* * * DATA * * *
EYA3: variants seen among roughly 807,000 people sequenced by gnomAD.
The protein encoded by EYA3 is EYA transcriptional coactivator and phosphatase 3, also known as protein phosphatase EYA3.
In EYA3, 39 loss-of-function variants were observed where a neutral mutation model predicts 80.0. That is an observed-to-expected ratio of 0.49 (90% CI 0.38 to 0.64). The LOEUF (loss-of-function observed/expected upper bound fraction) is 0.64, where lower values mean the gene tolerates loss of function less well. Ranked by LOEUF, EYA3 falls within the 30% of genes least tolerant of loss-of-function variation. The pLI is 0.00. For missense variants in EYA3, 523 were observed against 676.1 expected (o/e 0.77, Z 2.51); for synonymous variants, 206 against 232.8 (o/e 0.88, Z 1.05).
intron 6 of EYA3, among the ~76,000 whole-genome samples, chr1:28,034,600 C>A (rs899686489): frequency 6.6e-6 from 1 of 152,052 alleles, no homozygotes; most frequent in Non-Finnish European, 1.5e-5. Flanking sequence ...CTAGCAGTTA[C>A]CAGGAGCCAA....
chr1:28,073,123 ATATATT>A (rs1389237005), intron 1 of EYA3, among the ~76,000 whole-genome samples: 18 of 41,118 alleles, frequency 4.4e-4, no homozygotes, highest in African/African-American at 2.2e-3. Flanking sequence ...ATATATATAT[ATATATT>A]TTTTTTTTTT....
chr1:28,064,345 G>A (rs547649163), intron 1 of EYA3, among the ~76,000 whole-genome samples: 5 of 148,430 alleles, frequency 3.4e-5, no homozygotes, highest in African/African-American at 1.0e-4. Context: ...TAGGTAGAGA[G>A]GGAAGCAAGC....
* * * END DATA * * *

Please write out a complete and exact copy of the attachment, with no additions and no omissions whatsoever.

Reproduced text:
EYA3: variants seen among roughly 807,000 people sequenced by gnomAD.
The protein encoded by EYA3 is EYA transcriptional coactivator and phosphatase 3, also known as protein phosphatase EYA3.
In EYA3, 39 loss-of-function variants were observed where a neutral mutation model predicts 80.0. That is an observed-to-expected ratio of 0.49 (90% CI 0.38 to 0.64). The LOEUF (loss-of-function observed/expected upper bound fraction) is 0.64, where lower values mean the gene tolerates loss of function less well. Ranked by LOEUF, EYA3 falls within the 30% of genes least tolerant of loss-of-function variation. The pLI is 0.00. For missense variants in EYA3, 523 were observed against 676.1 expected (o/e 0.77, Z 2.51); for synonymous variants, 206 against 232.8 (o/e 0.88, Z 1.05).
intron 6 of EYA3, among the ~76,000 whole-genome samples, chr1:28,034,600 C>A (rs899686489): frequency 6.6e-6 from 1 of 152,052 alleles, no homozygotes; most frequent in Non-Finnish European, 1.5e-5. Flanking sequence ...CTAGCAGTTA[C>A]CAGGAGCCAA....
chr1:28,073,123 ATATATT>A (rs1389237005), intron 1 of EYA3, among the ~76,000 whole-genome samples: 18 of 41,118 alleles, frequency 4.4e-4, no homozygotes, highest in African/African-American at 2.2e-3. Flanking sequence ...ATATATATAT[ATATATT>A]TTTTTTTTTT....
chr1:28,064,345 G>A (rs547649163), intron 1 of EYA3, among the ~76,000 whole-genome samples: 5 of 148,430 alleles, frequency 3.4e-5, no homozygotes, highest in African/African-American at 1.0e-4. Context: ...TAGGTAGAGA[G>A]GGAAGCAAGC....